The Great Plains Art Museum has acquired five new works from the recent biennial exhibition “Contemporary Indigeneity: Spiritual Borderlands,” which featured works by artists with Native heritage that explored interpretations of sovereignty, spiritual connections to the land, and cultural identity within the boundaries of the Great Plains region.
The works are:
“The Caddo Story of Night and Day” (2015) and “Underwater Animals” (2015) by Chase Earles, hand-coiled ceramic;
“K(no)w Exit” (2015) by Henry Payer, mixed media on canvas;
“Say … My Friend and I Borrowed Some of Your Ponies” (2015) by Monte Yellow Bird Sr. (Black Pinto Horse), colored pencil on Milford, Connecticut, ledger (circa 1875); and
“Wildfires Up North” (2015) by Gwen Westerman, hand-dyed cotton.
The museum was able to acquire the works and produce an exhibition catalog, available in the museum’s store, through a grant from Woods Charitable Fund.
The museum received several other notable gifts in 2016, including:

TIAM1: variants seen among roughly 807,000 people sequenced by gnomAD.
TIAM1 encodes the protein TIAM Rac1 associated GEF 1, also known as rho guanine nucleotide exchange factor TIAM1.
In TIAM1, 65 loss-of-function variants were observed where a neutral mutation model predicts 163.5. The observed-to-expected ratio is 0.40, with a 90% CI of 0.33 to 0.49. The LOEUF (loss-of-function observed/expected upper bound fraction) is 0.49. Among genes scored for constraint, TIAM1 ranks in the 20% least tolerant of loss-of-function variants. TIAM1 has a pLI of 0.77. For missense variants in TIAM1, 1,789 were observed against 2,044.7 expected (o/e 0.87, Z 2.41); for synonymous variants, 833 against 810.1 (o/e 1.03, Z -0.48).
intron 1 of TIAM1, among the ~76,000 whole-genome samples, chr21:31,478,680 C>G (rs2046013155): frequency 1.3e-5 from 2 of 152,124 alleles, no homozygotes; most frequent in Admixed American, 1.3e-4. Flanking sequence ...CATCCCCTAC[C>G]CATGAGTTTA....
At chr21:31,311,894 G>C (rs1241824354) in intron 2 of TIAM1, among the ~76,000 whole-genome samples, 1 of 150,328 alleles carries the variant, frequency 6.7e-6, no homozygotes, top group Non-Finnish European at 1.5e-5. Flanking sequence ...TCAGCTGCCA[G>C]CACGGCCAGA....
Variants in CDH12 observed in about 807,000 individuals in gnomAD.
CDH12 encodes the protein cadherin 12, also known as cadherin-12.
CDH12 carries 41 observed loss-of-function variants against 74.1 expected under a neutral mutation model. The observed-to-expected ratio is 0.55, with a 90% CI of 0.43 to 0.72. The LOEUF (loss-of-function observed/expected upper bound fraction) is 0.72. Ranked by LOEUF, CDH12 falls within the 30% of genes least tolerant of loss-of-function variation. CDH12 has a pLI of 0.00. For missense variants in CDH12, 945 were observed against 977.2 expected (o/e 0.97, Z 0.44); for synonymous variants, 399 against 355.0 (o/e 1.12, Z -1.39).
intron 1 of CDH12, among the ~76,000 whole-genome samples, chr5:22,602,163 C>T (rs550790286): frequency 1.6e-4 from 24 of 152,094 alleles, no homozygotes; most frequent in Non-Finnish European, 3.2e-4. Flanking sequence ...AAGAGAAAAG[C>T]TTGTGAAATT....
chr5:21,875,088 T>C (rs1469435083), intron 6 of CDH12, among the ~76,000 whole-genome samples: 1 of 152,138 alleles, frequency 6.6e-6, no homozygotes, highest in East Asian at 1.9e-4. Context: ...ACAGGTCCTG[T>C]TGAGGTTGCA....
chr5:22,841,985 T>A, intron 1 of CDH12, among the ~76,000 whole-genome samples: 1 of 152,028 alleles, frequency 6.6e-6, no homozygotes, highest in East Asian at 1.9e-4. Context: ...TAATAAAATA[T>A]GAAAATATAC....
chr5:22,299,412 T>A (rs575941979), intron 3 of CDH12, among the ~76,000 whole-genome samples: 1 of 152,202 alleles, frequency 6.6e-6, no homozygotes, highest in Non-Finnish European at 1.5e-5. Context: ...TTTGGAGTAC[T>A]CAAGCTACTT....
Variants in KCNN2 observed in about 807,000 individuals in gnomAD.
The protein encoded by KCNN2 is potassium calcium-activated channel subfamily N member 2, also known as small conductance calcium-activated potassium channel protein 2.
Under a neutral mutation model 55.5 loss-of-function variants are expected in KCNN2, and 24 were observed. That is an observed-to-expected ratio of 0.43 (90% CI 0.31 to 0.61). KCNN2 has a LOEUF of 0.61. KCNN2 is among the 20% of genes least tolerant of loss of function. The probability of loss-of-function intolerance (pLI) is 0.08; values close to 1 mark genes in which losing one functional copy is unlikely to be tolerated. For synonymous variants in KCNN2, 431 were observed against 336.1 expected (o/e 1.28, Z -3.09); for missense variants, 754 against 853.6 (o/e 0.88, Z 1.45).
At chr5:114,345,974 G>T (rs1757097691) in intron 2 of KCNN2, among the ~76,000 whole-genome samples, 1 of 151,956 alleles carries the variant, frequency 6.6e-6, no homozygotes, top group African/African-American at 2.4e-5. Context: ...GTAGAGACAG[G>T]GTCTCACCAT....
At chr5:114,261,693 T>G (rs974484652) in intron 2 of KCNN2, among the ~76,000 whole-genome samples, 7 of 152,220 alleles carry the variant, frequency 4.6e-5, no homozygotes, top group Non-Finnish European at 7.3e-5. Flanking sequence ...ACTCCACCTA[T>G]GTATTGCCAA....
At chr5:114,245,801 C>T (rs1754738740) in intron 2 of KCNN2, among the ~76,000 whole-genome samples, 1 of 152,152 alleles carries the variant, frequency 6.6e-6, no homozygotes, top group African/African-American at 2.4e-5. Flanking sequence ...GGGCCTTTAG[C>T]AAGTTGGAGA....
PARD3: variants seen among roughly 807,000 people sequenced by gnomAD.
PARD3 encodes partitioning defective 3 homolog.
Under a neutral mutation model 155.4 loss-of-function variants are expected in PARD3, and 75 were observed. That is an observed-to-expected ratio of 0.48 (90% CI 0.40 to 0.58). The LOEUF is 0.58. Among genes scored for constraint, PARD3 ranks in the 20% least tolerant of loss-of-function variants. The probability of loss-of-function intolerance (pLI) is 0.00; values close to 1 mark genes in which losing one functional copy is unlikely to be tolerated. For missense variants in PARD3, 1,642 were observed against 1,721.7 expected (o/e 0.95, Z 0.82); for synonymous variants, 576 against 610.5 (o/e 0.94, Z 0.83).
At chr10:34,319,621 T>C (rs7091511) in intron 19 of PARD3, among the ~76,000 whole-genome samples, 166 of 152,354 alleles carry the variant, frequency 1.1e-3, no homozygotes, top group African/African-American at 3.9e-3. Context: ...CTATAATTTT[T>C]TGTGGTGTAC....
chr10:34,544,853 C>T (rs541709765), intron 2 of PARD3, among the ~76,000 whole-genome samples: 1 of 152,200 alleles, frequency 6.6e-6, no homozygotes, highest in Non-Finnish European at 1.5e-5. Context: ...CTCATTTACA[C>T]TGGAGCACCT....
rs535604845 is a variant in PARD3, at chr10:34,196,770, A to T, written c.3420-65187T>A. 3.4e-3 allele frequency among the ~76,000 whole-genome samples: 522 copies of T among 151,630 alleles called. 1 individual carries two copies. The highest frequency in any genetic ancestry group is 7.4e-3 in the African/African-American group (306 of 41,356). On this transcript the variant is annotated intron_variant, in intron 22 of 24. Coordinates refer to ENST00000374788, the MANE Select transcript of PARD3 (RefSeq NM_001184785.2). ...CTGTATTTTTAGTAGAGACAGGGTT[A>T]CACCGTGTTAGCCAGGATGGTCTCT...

“Cow Pony Mutiny” by Herb Mignery and “Rest” by Tom Palmerton, bronzes, donated by Bill and Bobby Spilker;
“Range Ponies” and “Water Ahead” by Olaf Wieghorst, lithographs, donated by Michael J. and Marvona S. Tavlin;
“Flat Places and Interesting People” (2007) by Nebraska photographer George Tuck, negatives, donated by Tuck; and
“Brabant” (2003) by Libby Ritter, Raku-fired equine sculpture, and “Drifts” (2004) by Marilyn Bower, painting, both donated by Mark and Carol Moseman.
The museum also purchased “Aggrandizement 1” (2016), an acrylic-and-toner print on birch panel by Kendall McMinimy from the artist’s exhibition “Cropping to Circles”; five photographs from the “This Grass Earth” exhibition featuring images from Robin Walter and Sebastian Tsocanos, with grant funds from the Nebraska Arts Council; and “Flat Land, Flat Water” (2016) by B.C. Gilbert, with funds from the Elizabeth Rubendall Artist-in-Residence program.